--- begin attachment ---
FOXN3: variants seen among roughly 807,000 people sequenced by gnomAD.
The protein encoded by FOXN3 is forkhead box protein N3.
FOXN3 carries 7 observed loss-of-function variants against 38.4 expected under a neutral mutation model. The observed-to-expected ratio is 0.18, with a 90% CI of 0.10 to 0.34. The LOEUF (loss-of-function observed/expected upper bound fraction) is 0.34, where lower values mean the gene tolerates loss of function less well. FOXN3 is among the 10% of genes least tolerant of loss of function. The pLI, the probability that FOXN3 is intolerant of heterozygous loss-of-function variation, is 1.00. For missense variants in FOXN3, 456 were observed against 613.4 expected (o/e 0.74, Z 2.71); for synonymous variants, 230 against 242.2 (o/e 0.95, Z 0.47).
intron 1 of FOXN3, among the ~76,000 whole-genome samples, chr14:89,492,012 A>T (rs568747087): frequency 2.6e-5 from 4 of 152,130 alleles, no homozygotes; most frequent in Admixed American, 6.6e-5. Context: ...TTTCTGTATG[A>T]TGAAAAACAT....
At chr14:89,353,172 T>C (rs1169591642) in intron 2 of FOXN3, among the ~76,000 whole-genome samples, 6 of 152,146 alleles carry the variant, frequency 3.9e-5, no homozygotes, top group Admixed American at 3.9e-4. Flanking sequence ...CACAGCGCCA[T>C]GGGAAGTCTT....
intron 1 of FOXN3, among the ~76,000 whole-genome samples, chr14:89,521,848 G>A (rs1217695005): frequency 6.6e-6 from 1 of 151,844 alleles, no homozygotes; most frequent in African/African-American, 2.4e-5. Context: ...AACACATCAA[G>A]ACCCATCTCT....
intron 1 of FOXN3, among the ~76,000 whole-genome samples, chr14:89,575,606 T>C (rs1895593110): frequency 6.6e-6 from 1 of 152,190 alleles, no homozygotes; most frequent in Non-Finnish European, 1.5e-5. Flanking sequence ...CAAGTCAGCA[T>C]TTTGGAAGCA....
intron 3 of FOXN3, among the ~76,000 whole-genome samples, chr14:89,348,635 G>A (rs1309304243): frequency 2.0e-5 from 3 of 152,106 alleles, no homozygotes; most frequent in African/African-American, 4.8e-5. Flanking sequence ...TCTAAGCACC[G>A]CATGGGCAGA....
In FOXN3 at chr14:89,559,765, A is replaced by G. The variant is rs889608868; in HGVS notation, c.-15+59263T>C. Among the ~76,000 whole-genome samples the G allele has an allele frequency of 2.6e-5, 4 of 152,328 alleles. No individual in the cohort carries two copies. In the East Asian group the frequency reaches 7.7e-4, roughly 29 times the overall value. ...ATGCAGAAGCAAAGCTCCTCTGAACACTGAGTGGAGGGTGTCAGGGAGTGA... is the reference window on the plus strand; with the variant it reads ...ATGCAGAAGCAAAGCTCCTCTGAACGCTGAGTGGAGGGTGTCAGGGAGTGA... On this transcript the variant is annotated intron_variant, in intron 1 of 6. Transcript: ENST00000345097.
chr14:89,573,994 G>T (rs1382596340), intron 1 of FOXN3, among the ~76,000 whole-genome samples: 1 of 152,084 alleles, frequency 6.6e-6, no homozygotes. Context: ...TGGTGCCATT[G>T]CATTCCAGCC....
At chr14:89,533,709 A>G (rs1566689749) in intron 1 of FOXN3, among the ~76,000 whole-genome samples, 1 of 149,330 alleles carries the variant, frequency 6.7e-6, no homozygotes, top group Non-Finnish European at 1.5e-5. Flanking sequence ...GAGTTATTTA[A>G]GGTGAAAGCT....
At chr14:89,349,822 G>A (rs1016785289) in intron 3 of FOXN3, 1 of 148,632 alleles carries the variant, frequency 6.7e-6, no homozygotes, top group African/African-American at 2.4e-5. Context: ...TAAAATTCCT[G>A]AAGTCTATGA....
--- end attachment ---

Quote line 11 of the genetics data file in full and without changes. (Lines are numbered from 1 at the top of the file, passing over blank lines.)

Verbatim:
At chr14:89,533,709 A>G (rs1566689749) in intron 1 of FOXN3, among the ~76,000 whole-genome samples, 1 of 149,330 alleles carries the variant, frequency 6.7e-6, no homozygotes, top group Non-Finnish European at 1.5e-5. Flanking sequence ...GAGTTATTTA[A>G]GGTGAAAGCT....